Who does not love a good story?
For me, stories are why I love being a language teacher.
Sharing share stories with my students opens them up to a whole new world of exciting ideas and perspectives.
From relating ordinary life events to epic pieces of literature, a lot of our communication, our decision-making and our understanding of the world function through storytelling.
Why not use stories to teach language as well?
Teaching vocabulary can be fresh, exciting and something your students look forward to by using collaborative storytelling.
To facilitate this, American educator Blaine Ray developed a fantastic teaching method that uses storytelling in a classroom setting. He called it “Teaching Proficiency Through Reading and Storytelling,” or TPRS for short.
From personal experience, TPRS cannot be beaten. It can be a challenge to get it working and reach this flow of student participation, but it is very much worth it. Once it gets going, it engages the whole class.
Unlock Your Students’ True Potential with German TPRS
You need to overcome your students’ hesitations and make them feel comfortable to “publicly” improvise a story in a foreign language. If you can provide comprehensible input and draw them in, they will be delighted to use their brains, tap into their creativity and come up with an exciting story. TPRS may be demanding of the teacher, but it is also greatly rewarding.
Instead of forcing students to listen to you or read textbooks, TPRS will engage them and teach key German vocabulary in a highly entertaining way.
You choose the words, set up the framework and spin a yarn with your students that employs this vocabulary. You can use a range of techniques and tools to assist you, but the most important thing is to understand the basics:
- Repeat the words as often as possible.
- Check for student comprehension.
- Take the occasional break for pop-up grammar.
- Write it all down afterwards.
The result will be a story your students will not forget.
Why German TPRS Is Awesome
There is a multitude of reasons to use TPRS in your German language classroom. How many do you need?
Let’s start with one: A TPRS session is tailor-made for your students and is something they can relate to. That means you can scale the difficulty and complexity and use it for different groups and skill levels.
Another reason: No one gets left behind. TPRS is slow but inclusive and takes great care to address everyone, no matter if they are shy or outspoken.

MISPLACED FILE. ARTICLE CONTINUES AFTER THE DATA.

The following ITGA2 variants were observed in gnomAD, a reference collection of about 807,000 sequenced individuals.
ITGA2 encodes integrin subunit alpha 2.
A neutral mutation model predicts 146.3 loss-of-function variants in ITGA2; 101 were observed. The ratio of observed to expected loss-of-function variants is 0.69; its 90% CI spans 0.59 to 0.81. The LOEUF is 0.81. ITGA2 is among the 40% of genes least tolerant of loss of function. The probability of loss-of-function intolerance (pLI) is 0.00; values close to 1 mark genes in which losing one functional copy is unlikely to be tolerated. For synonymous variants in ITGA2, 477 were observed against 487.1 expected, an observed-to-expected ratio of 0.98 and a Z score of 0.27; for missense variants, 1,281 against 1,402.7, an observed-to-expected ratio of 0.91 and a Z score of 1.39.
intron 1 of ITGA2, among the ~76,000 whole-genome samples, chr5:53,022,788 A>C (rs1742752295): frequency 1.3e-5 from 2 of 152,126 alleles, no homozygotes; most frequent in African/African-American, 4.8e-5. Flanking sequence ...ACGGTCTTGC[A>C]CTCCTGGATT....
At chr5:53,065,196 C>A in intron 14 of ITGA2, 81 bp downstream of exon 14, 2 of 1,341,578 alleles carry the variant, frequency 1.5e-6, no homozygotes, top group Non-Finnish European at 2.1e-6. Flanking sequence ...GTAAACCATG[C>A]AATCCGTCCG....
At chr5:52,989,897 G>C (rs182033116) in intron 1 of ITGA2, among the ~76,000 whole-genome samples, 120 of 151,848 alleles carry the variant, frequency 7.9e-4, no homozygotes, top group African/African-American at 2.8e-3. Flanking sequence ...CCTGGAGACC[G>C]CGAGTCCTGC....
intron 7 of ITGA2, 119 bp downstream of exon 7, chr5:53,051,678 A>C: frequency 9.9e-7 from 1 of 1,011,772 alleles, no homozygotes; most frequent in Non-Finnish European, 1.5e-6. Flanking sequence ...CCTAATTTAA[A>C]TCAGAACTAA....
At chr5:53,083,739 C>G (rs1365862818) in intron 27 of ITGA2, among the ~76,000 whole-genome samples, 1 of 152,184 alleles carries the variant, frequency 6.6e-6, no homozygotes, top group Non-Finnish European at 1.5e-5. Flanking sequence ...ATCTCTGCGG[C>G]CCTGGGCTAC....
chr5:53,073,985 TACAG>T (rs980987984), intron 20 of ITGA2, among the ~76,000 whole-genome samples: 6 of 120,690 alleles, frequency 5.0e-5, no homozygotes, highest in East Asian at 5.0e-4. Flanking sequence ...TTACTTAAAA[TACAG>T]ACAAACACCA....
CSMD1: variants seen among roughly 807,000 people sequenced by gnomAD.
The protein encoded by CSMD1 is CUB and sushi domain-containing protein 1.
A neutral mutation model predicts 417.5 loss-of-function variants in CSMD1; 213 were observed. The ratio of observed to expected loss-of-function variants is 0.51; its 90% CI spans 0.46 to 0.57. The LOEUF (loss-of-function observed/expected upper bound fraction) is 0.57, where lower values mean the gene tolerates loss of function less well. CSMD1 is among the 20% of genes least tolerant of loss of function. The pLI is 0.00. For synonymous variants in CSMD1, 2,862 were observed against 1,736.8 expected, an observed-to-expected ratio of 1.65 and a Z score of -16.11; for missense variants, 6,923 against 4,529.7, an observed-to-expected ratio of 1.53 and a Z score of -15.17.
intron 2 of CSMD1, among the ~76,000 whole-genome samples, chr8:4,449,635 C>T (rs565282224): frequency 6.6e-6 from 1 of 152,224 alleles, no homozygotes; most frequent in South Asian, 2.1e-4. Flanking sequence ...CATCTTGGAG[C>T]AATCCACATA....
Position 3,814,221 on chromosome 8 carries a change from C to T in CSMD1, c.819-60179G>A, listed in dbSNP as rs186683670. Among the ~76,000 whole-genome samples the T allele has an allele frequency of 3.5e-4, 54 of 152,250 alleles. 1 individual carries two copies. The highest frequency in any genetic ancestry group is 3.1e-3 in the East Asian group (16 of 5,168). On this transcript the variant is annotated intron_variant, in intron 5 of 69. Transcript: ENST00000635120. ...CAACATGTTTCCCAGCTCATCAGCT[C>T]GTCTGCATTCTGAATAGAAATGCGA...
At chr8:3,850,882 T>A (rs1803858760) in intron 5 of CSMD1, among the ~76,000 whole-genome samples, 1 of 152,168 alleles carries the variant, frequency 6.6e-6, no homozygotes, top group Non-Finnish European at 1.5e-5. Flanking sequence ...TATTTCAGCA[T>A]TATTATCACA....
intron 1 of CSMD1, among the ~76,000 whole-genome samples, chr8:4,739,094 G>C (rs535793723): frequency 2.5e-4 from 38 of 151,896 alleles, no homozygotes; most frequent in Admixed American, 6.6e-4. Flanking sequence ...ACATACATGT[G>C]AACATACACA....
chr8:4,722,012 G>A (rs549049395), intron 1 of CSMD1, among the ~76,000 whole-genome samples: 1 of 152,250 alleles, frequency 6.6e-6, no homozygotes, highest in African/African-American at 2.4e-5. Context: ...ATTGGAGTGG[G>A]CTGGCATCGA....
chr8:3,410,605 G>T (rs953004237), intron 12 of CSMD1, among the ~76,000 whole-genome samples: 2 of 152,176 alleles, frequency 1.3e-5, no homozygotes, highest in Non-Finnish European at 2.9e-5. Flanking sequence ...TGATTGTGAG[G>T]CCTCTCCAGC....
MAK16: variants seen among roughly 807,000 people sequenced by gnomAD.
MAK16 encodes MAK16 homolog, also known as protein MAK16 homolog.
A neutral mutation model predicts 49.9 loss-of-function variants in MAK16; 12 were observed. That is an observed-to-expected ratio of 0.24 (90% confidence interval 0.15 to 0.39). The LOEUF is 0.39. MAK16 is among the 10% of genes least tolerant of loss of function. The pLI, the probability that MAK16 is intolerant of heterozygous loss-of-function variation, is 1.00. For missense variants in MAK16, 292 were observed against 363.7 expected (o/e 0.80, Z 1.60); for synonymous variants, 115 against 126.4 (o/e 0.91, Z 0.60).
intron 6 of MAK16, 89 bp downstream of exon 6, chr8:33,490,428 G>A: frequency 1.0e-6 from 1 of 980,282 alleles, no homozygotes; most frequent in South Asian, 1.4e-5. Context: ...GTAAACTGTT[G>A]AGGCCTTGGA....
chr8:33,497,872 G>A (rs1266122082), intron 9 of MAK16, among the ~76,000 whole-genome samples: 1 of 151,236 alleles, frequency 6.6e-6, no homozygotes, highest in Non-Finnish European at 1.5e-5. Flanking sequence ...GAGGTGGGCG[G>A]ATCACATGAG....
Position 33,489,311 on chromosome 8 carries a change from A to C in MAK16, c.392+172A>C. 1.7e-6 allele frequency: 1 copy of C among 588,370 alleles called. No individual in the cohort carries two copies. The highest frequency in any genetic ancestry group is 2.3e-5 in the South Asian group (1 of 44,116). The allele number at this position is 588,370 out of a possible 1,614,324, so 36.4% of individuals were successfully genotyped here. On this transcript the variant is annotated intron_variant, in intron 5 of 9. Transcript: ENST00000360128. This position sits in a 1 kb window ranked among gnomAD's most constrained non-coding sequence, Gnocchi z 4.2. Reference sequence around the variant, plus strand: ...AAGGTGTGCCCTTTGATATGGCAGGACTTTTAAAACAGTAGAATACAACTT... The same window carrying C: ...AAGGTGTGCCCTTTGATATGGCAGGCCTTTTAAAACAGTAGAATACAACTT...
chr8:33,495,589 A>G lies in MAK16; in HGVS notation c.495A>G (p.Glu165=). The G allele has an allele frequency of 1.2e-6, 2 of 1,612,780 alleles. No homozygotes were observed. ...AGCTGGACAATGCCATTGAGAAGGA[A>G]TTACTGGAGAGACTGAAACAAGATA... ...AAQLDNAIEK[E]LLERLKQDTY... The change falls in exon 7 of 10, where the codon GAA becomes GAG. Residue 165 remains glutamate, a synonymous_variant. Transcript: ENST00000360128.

Do you still want more reasons?
How about this: TPRS is extremely immersive and interactive. Or, as your students will call, “not boring!” Like using inventive teaching resources or other great immersive techniques, it simply is fun and rich in variety.
If you still need more reasons, we could go on and on about:
- How TPRS teaches vocabulary and grammar in context.
- How it ties words to images and stories.
- How it increases brain connections and embeds the lessons in your students’ long-term memory
But how about we skip that and rather get cracking at the actual method and how you can use it?
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3 Steps to TPRS Success
So how does the magic happen?
Of course, you do not just gather your students to read a story together. TPRS is a teaching technique with a clear structure that is easy to understand and implement.
1. Choose Your Vocabulary
As always, you need to do some groundwork before the fun begins. The better your preparation, the easier you can improvise during the lesson and still ensure your students get the maximum out of it.
The first and most essential step for TPRS is list-making.
Not your grocery list.
Not a list of your favorite movies.
You need a list of vocabulary words. Language and storytelling revolve around them, so choose wisely.
First, decide on the target vocabulary. This should comprise three or more terms you want your students to learn. Then, connect them to your overarching curriculum.
Second, you need general vocabulary, a larger list of words your students already know and can use to construct the story. If this is not your first TPRS session, this list should include target vocabulary from previous sessions.
2. Engage in Storytelling
The vocabulary is half of the process, the story is the other.
You start with an outline and then you ask a large number of questions to have your students contribute to the story and to make sure they understand the general idea.
You can either take a pre-made story (for example the ones on Vorleser.net) and have your students listen to it in the classroom. Then, stop the recording and ask your students to continue the story themselves.
The other option, which might require you to improvise more, is to tell a brand-new story together with your students; you will find useful tools for that further below.
3. Pop-ups, Saving and Comprehension Checks
Pop-ups: Pop-ups are contextual grammar explanations you sprinkle in during the lesson. Imagine them like sidebars or actual pop-up windows on a website. Do this by pausing the story and giving your students a concise explanation of the rule you just used in the storytelling.
Saving: Have you ever played a difficult computer game? You need to constantly save your progress so you do not lose everything you have accomplished.
The same is true for TPRS.
Give (or better yet, have your students give) regular recaps of the story so far.
- Where are we?
- What is character X doing?